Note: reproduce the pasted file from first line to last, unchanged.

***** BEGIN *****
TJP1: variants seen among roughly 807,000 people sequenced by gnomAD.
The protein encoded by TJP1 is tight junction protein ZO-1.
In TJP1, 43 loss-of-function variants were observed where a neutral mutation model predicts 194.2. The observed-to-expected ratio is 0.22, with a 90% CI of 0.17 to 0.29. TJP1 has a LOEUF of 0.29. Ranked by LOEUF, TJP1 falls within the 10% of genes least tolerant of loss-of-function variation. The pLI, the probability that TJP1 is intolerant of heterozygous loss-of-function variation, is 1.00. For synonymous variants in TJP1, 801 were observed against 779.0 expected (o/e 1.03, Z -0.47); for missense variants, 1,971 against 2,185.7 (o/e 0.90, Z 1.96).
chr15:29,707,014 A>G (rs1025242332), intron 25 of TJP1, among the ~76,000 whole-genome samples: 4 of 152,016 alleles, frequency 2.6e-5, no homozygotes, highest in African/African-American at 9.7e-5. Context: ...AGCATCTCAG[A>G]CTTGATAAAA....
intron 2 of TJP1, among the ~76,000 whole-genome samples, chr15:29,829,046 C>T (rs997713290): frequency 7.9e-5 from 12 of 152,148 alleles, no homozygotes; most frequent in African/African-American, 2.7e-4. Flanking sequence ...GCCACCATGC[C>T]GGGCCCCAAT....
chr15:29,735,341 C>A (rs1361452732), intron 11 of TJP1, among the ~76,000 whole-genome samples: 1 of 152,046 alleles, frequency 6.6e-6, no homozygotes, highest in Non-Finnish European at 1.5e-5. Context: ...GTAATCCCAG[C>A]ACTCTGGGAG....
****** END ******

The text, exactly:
TJP1: variants seen among roughly 807,000 people sequenced by gnomAD.
The protein encoded by TJP1 is tight junction protein ZO-1.
In TJP1, 43 loss-of-function variants were observed where a neutral mutation model predicts 194.2. The observed-to-expected ratio is 0.22, with a 90% CI of 0.17 to 0.29. TJP1 has a LOEUF of 0.29. Ranked by LOEUF, TJP1 falls within the 10% of genes least tolerant of loss-of-function variation. The pLI, the probability that TJP1 is intolerant of heterozygous loss-of-function variation, is 1.00. For synonymous variants in TJP1, 801 were observed against 779.0 expected (o/e 1.03, Z -0.47); for missense variants, 1,971 against 2,185.7 (o/e 0.90, Z 1.96).
chr15:29,707,014 A>G (rs1025242332), intron 25 of TJP1, among the ~76,000 whole-genome samples: 4 of 152,016 alleles, frequency 2.6e-5, no homozygotes, highest in African/African-American at 9.7e-5. Context: ...AGCATCTCAG[A>G]CTTGATAAAA....
intron 2 of TJP1, among the ~76,000 whole-genome samples, chr15:29,829,046 C>T (rs997713290): frequency 7.9e-5 from 12 of 152,148 alleles, no homozygotes; most frequent in African/African-American, 2.7e-4. Flanking sequence ...GCCACCATGC[C>T]GGGCCCCAAT....
chr15:29,735,341 C>A (rs1361452732), intron 11 of TJP1, among the ~76,000 whole-genome samples: 1 of 152,046 alleles, frequency 6.6e-6, no homozygotes, highest in Non-Finnish European at 1.5e-5. Context: ...GTAATCCCAG[C>A]ACTCTGGGAG....